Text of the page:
TEXARKANA, Ark. (KTAL/KMSS) – Bar hopping as we know it may soon change in Arkansas, now that a proposal making its way through the state legislature would allow cities to create entertainment districts.
Officials said Texarkana city staff members were working on plans to turn downtown into an entertainment district.
“It’s gonna be exciting for downtown,” said Mayor Allen Brown.
Brown said his team is working out plans to make Broad Street a little more like Bourbon Street in New Orleans.
“We’re behind times in some of those areas and people have been able to see these entertainment districts develop areas that wouldn’t have normally been developed,” said Brown.
New legislation passed by the state House and Senate would allow cities to designate entertainment districts with their own rules regarding possession of alcohol. This includes the ability to take an open container outside a business.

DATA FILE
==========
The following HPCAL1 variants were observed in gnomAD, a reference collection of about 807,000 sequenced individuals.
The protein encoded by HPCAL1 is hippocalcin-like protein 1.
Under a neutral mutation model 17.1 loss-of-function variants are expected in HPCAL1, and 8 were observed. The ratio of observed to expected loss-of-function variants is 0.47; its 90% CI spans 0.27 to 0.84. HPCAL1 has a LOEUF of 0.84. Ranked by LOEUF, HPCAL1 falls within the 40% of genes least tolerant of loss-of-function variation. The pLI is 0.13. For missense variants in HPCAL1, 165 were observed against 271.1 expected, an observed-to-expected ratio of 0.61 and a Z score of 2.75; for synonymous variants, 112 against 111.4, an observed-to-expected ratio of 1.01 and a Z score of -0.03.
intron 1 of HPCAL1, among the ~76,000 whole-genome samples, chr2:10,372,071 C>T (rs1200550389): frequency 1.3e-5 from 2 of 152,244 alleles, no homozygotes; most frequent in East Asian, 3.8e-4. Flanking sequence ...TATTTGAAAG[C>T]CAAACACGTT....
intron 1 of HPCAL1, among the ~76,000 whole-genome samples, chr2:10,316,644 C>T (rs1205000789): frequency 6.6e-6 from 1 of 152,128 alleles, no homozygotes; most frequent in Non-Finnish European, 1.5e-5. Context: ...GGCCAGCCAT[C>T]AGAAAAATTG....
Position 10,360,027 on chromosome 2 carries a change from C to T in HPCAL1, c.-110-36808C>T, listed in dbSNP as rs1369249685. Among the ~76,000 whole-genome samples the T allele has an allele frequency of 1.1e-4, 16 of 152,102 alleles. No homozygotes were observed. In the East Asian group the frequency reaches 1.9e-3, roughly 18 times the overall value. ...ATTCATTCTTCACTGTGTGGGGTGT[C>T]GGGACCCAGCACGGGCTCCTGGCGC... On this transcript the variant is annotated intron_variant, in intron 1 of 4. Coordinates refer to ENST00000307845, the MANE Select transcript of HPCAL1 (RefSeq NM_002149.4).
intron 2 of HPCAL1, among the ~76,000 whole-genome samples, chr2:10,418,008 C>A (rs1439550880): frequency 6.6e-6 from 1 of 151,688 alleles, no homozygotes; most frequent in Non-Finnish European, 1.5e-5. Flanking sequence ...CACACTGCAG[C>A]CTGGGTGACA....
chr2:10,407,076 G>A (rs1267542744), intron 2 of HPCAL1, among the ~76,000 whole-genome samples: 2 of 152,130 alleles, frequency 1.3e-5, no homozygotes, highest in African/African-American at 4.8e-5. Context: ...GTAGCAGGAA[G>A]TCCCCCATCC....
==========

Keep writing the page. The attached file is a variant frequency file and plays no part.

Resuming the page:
“We hope it’ll create some jobs and create some venues downtown within this entertainment district where that it’s not so attractive now,” said Brown.
David Peavy is working on opening a new business and is looking forward to the possibility of downtown becoming more of a destination.
“We don’t want downtown to come back, we want it to be reinvented and this as an entertainment district, this will allow it to be reinvented as a new place,” said Peavy.
The move will also open the area for new growth.
“It connects dots when you’re able to go from one to the other with your refreshment that you’re choosing to take,” said Peavy.
The possible measure is something some residents support.
“There’s buildings that are empty that with this entertainment district might be filled again,” said Jacob Potter.
“If you think about it, there’s not much to do in Texarkana,” said Jerry Easley. “So if you bring something in like this, it would really help the revenue of the city and give people something to do.”
The Planning Commission will consider the city’s plans, which once approved would go into effect after Governor Asa Hutchinson signs the bill into law. The public is invited to voice their opinions on the proposal at the Planning Commission’s meetings.